authority -- i.e., looking at how it can perform most effectively in future." Regulation and law making are under scrutiny, attempting to find the best practice in corporate governance and the
regulatory framework which now exists in the EU with the creation of the European Aviation Safety Agency (EASA) and Single European Sky.
The reviewers will be seeking the views of the aviation industry and other stakeholders. The review is expected to conclude in 2008.
Aerodrome Rules for LSAs in the U.K.
Also in the UK the Light Aviation Airports Study Group (LAASG) earlier this year proposed that the current aerodrome license requirement for flying training be removed. The group further proposed that
flight training at non-licensed aerodromes be conducted in accordance with a code of practice, for use under either an industry-led, or CAA-designated and enhanced flight training organization (FTO)
regulatory regime. A draft code of practice, prepared by the group, can be found here.
LAASG was formed during 2005 to discuss and develop proposals relating to the regulation of light-aviation aerodromes and operations and, in particular, the aerodrome licensing and regulatory
arrangements outlined in Article 126 of the Air Navigation Order 2005. Membership consisted of CAA and industry groups.
LAASG reported its findings in January 2006, which included three recommendations to the CAA, all three of which the CAA accepted. LAASG proposed that the requirement for flying training to be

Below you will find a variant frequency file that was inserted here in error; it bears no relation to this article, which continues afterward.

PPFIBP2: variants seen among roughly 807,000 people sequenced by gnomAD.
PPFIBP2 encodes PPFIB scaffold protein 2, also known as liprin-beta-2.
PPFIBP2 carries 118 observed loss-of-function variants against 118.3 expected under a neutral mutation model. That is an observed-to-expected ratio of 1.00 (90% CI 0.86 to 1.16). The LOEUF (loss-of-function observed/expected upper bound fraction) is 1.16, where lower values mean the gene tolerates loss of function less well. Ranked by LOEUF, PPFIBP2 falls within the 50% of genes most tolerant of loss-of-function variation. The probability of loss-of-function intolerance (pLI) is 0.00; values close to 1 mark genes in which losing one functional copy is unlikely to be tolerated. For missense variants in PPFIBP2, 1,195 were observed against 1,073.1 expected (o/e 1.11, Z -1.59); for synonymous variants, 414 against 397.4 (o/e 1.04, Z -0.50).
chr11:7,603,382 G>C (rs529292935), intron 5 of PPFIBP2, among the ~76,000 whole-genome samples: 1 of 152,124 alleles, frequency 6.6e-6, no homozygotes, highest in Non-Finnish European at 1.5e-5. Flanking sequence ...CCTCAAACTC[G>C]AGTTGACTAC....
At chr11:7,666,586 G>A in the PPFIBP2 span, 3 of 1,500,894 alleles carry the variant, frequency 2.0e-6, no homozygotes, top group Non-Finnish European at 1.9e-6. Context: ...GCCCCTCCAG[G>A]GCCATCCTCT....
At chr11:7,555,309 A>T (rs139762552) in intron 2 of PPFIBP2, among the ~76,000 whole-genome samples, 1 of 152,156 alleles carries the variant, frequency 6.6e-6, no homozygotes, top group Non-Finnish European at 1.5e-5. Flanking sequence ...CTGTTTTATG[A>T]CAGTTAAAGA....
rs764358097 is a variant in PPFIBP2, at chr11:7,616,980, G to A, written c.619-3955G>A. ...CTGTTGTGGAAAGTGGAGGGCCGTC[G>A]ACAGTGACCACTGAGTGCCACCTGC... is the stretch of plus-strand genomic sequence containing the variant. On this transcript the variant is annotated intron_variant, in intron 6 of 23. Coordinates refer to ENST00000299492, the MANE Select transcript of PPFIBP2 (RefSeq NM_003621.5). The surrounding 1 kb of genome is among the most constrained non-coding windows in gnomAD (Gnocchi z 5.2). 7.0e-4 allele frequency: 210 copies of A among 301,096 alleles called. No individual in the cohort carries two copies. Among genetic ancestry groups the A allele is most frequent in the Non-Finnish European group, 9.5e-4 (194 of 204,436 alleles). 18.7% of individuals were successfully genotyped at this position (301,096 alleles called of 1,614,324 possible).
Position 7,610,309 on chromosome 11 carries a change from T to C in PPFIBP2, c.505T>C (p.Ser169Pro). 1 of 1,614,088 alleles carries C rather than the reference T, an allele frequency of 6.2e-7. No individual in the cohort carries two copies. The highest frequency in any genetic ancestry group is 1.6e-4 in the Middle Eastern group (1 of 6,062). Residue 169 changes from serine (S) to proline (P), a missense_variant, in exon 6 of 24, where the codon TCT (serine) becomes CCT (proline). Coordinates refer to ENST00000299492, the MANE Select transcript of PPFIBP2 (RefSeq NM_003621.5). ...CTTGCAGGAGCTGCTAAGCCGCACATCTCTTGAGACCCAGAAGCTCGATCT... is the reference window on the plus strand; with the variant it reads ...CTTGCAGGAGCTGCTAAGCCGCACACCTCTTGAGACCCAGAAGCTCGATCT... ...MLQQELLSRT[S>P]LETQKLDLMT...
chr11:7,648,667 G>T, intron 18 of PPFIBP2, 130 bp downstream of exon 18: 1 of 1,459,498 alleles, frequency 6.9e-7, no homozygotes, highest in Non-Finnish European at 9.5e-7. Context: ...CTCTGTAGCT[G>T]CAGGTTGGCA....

conducted at a licensed aerodrome be removed and that alternative arrangements be put in place -- e.g., a code of practice or enhancement of FTO approval -- to maintain safety levels for flying
training to supplement the requirements in JAR Flight Clearance Letter (FCL). LAASG also noted that the current UK requirement for certain types of flying training to be conducted at a licensed
aerodrome was at variance with a number of regimes in continental Europe. There was no evidence to suggest that the absence of such criteria would adversely affect the safety of training flights,
since accident and incident data show that flying training is not a significant aerodrome-related risk. The proposals resulting from the review have been drawn together into a consultation letter.
If you wish to comment, there is an online questionnaire, which can be completed and returned electronically. The closing date for comments is Jan. 3, 2008.
Air Traffic Information Review
British pilots will also benefit from Air Traffic Services Outside Controlled Airspace (ATSOCAS). Flying outside controlled airspace in Class F and G airspace has caused confusion for many GA pilots,
particularly flying around highly congested airspace such as near London in the U.K. The CAA has initiated a review to clarify matters. The new Airspace and Safety Initiative (ASI) is an initiative
proposed between the CAA National Air Traffic Services (NATS) and the Ministry of Defense The ASI Web site aims to become the major
destination for airspace information. The consultation process ends on Dec. 14, 2007, and the new procedures should come into effect in April 2008. The CAA is soliciting comments.
EASA lightens the load on GA
The are a great many developments originating within EASA, a key one of which is finding a means of better regulation for the lighter aircraft within GA. The